Communicating effectively can make us feel less stressed, anxious, and angry. For example, if you are angry because your boss switched your work schedule at the last minute, effectively ask your boss for an explanation (use that DEAR MAN discussed in previous blog posts). You may come to find that it was an accident and they meant to change someone else’s schedule. As stated above, anger is a valid and justified response to perceived injustice, AND we want to make sure to check all the facts before acting on that anger (for example, telling everyone you are quitting your job because of the schedule change). 

Radical Acceptance of Anger

Occasionally, the things we are angry about cannot be directly changed, like getting a new supervisor or remembering a trauma that has happened in the past. Radical acceptance, in a nutshell, means fully accepting the reality of the situation at that very moment, even if it’s unpleasant or unfair. It doesn’t mean condoning or agreeing with the situation but rather acknowledging it. Radical acceptance can help us let go of anger related to situations we cannot change, freeing us to focus our energy on what we can control. Check out my two blogs on Radical Acceptance to learn more about the concept and how to practice it.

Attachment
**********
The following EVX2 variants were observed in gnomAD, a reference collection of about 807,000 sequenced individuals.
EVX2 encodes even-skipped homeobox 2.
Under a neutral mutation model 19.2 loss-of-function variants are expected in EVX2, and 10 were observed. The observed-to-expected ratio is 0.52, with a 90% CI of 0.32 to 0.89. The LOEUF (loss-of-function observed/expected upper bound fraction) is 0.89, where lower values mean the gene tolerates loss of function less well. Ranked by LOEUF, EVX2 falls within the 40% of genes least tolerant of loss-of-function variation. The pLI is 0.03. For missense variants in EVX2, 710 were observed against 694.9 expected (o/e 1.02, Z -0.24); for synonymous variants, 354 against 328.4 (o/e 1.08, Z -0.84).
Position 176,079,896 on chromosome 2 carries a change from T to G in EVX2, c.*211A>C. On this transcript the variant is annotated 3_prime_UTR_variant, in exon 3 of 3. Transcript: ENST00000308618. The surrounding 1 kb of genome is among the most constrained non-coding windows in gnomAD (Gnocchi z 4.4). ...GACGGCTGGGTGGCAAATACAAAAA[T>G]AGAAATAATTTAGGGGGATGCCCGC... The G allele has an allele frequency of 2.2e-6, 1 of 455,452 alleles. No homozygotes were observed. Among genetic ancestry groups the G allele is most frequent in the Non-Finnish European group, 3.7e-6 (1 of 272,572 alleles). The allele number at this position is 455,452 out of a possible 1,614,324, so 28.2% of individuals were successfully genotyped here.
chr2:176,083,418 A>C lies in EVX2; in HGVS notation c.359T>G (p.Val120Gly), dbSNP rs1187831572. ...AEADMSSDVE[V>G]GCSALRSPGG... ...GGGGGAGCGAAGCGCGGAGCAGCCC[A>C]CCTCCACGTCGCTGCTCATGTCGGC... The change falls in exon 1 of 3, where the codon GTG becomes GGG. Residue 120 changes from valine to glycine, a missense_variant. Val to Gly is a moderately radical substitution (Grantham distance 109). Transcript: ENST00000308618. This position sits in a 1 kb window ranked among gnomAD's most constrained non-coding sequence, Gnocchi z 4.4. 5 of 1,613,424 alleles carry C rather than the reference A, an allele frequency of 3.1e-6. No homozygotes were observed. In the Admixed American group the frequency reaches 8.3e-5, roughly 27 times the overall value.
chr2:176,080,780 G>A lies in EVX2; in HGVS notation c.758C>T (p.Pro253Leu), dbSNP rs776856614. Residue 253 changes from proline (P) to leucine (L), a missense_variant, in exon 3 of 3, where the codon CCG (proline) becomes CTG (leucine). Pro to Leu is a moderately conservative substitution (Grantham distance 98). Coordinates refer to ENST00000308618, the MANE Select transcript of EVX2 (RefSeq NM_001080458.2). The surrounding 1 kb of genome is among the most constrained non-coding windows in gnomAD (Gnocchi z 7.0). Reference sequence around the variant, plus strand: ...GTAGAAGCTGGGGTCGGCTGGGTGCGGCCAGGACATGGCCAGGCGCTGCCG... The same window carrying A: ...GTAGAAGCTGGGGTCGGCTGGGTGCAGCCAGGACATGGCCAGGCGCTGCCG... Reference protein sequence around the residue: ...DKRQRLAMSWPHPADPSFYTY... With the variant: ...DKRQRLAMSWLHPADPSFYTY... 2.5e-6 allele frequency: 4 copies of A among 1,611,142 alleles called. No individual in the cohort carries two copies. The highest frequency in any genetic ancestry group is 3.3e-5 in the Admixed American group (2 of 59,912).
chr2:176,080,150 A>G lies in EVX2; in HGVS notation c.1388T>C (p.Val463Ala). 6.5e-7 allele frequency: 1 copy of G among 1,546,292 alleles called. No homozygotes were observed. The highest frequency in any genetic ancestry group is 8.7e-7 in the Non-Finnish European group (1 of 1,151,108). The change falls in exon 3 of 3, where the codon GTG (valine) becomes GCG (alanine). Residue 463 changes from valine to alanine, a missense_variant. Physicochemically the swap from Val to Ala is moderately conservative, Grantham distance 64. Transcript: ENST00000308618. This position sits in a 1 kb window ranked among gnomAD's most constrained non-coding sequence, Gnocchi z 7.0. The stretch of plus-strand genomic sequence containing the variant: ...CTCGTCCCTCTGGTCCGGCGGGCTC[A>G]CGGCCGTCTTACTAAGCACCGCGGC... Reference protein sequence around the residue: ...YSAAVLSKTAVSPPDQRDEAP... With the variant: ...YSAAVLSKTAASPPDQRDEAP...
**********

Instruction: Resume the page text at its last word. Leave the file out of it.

In Conclusion…

When we can handle our anger effectively, it can empower us and force positive change! Anger doesn’t have to be this out-of-control and destructive emotion that we may have been taught it is. It can help us get things done, set better boundaries, have better relationships, address societal injustices, advocate for equality, and promote mindfulness and empathy in our communities. 

By practicing mindfulness, focusing on our physical well-being, improving interpersonal skills, and embracing radical acceptance, we can transform anger from a more destructive force into a catalyst for positive change in our lives and society as a whole. Remember, anger is a natural emotion, and with an effective approach, we can use it as a stepping stone towards personal growth and a more harmonious world.


Shelby Milhoan, LCPC